“The art of faith is the expression of a deep rooted knowledge that permeates every facet of our lives. The artist is not only the ‘believer,’ but anyone who lives a genuinely creative life as a result of his faith.”
- G. Boyd, “Faith as Art”
I’ve been thinking a lot about faith lately, particularly systems of faith. In fact, it’s literally all I’ve been thinking about for the past month or so, and has been pretty prominent in my mind for the past year and a half. The ways that people live creatively, both individually and corporately, is just fascinating to me, and I can’t seem to get away from it.
All this thinking and studying and comparing faith to other art forms has led me to see some patterns that have changed the way I understand faith and religion. I plan on sharing these discoveries over the course of the next few months, and any respectful feedback and critique would be much appreciated.
So, without further ado, here is the first of the tidbits.
The Three Approaches
I’ve found that there are three primary ways to approach faith in our lives, with each particular faith movement focusing on one of these, and we as individuals either choosing faith systems or creating personal faith systems based on an affinity for one of these approaches.
First, we may approach faith with a focus on the system of faith itself. The idea here is to experience the religion (broadly defined) simply for the sake of experiencing it with as much accuracy as possible.
We may also approach faith with a particular success in mind. With this approach one concentrates the entirety of his efforts in overcoming a struggle or achieving some specific thing within the context of the faith, having a very real possibility of failing to overcome the challenge.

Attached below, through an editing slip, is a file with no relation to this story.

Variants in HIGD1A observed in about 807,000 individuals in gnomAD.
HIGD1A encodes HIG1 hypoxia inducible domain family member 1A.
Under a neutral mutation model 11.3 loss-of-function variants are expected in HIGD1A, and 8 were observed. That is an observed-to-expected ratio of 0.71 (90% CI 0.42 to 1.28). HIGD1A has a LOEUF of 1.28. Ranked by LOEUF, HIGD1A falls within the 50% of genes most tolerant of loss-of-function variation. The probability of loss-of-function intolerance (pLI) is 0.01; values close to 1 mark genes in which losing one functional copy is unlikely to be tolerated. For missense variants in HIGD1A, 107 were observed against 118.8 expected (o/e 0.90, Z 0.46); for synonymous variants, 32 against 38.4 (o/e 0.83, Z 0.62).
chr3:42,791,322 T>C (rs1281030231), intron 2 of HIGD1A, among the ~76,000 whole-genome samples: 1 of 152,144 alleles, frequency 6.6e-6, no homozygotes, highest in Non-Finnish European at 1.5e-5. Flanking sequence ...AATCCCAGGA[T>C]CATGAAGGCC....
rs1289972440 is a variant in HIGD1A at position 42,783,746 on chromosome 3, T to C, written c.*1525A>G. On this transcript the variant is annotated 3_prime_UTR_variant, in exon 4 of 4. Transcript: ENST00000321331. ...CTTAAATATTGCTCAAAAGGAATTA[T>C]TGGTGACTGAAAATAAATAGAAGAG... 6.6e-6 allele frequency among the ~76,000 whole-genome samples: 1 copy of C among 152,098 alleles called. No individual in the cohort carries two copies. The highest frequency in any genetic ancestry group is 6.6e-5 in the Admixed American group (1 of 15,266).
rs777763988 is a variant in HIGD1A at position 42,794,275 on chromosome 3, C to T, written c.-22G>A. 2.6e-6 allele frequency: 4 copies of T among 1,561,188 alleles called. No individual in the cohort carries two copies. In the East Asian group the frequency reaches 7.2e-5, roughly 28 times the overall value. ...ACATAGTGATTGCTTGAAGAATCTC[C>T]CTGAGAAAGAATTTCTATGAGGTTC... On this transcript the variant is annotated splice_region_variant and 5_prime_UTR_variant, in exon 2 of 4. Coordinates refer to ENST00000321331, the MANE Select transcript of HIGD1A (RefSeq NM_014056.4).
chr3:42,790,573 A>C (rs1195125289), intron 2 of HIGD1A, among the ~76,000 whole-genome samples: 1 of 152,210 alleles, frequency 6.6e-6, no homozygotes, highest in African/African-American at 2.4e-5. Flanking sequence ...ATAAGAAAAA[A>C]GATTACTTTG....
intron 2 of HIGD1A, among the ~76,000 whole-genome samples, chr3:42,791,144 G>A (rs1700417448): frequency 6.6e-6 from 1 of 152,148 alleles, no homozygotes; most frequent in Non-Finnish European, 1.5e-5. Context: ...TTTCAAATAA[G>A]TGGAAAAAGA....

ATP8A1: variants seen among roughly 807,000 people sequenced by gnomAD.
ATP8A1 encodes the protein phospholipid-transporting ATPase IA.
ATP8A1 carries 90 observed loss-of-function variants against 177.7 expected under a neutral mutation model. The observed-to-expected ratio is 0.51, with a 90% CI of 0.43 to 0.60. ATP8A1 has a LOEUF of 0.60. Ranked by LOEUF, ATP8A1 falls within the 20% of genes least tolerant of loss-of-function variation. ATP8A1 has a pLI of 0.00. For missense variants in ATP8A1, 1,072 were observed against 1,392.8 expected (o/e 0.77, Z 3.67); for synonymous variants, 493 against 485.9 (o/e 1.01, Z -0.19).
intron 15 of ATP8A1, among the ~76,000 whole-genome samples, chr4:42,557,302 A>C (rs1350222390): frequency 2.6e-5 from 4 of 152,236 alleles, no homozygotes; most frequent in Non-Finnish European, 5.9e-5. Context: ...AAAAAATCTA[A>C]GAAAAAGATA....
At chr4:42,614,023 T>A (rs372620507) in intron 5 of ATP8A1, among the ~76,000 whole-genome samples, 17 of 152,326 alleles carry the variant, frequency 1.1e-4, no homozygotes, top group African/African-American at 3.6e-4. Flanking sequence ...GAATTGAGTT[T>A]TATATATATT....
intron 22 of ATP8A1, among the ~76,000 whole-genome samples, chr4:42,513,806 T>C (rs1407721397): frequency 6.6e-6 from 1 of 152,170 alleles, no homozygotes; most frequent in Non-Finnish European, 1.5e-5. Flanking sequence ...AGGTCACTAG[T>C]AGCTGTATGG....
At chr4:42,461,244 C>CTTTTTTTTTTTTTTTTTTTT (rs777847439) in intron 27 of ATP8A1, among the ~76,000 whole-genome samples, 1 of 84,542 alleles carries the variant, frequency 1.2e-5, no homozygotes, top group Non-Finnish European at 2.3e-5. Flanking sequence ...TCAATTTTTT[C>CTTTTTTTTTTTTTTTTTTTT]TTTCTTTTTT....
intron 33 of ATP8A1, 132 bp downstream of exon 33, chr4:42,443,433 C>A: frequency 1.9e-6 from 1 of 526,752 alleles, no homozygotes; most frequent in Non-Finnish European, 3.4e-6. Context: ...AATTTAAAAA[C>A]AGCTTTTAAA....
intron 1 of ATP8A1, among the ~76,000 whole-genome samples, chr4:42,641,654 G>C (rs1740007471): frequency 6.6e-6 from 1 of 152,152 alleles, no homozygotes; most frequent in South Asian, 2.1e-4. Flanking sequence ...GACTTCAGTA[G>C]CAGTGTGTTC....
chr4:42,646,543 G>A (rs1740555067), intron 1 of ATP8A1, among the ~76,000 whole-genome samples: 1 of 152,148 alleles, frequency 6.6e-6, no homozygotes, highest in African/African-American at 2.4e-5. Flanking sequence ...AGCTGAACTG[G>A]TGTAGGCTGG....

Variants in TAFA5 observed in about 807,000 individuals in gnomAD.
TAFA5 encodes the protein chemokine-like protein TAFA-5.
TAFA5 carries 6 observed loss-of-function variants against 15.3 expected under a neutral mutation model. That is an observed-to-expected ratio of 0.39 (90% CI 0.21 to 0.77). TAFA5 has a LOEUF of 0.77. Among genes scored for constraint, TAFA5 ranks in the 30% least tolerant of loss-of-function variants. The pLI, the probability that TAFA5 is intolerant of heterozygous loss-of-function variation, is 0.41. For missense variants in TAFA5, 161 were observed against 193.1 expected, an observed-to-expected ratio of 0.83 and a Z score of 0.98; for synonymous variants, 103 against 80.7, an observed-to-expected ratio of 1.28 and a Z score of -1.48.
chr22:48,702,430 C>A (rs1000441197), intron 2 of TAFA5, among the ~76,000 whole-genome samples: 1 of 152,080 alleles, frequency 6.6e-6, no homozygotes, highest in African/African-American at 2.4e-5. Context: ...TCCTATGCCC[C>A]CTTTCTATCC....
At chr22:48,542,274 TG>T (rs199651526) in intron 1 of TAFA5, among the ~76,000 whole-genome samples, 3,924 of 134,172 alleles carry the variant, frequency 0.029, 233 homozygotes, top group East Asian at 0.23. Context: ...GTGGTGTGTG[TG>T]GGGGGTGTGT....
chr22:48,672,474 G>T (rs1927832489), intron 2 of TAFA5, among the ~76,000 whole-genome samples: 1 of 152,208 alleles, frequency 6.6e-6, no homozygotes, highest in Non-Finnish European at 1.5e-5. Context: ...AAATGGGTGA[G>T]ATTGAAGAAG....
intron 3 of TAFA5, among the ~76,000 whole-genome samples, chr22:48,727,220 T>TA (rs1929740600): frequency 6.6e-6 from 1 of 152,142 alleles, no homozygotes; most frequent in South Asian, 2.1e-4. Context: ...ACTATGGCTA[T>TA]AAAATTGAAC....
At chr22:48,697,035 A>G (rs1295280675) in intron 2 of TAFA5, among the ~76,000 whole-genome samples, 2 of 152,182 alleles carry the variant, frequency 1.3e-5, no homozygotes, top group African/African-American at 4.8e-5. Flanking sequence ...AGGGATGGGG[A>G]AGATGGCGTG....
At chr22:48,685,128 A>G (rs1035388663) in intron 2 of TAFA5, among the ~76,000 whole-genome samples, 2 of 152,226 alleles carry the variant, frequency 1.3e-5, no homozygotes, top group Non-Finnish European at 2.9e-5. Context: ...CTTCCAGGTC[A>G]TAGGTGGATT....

Finally, we may approach faith with a focus on our response to central issues of the faith. Here we take an active role in continuing the mythology, making statements with every choice we make, and crafting a narrative with our very lives.
This final approach is the subject of this Thought. We’ll first look at the response-centric approach in greater detail, then I’ll give some examples of how this approach is being played out in modern culture.
Let me make it clear from the start that what I am not saying is that response-centric individuals or movements do not have successes in mind or do not try to experience religion accurately. What I am saying, however, is that these approaches create very different practical experiences and that tensions always arise when people approach the same faith with different agendas.
Those with a focus on response in their faith are okay with pushing aside accuracy of the faith system and clear successes in order to embark on the adventure which is life. This mythopoetic bent is about focusing on a central conflict, question, or premise and living life in response to it. It is about exploring the possibilities of a situation and making a statement in response.
Though almost every faith system has a narrative backdrop which frames the faith, it is only through a this response-centric approach that one is able to live as an active, creative participant in the direct continuation of the mythology as opposed to just tagging along for the ride or creating a story incidentally to going after a goal. The adherent sees potential resolutions to the central conflicts of the faith which haven’t been fully explored, whether personally or in the faith as a whole, and then commits fully to exploring the possible resolutions to the situations.
Though these conflicts of the faith are expected to have resolutions, any clear, definite resolution is shied away from when the conflict arises, as that would dampen the sense of adventure and prematurely end the drama of living through the response to the conflict. Life becomes a series of climactic moments, with no one knowing fully what will happen on the other side of the decisions made in these times.
Above all, one must personally put oneself on the line and truly identify with the mythos to take this approach to faith. It requires true belief in the story of the faith while one is addressing issues through it, and unless one emotionally commits to this approach, it is impossible to appreciate its impact. This response-centric approach to faith is an extremely vulnerable way of living, but it evokes the fantastic experience of being an active part of something greater than life itself.
“You were made by God and for God and until you understand that, life will never make sense.
“Experience is not what happens to you. It is what you do with what happens to you.”
- Rick Warren, The Purpose Driven Life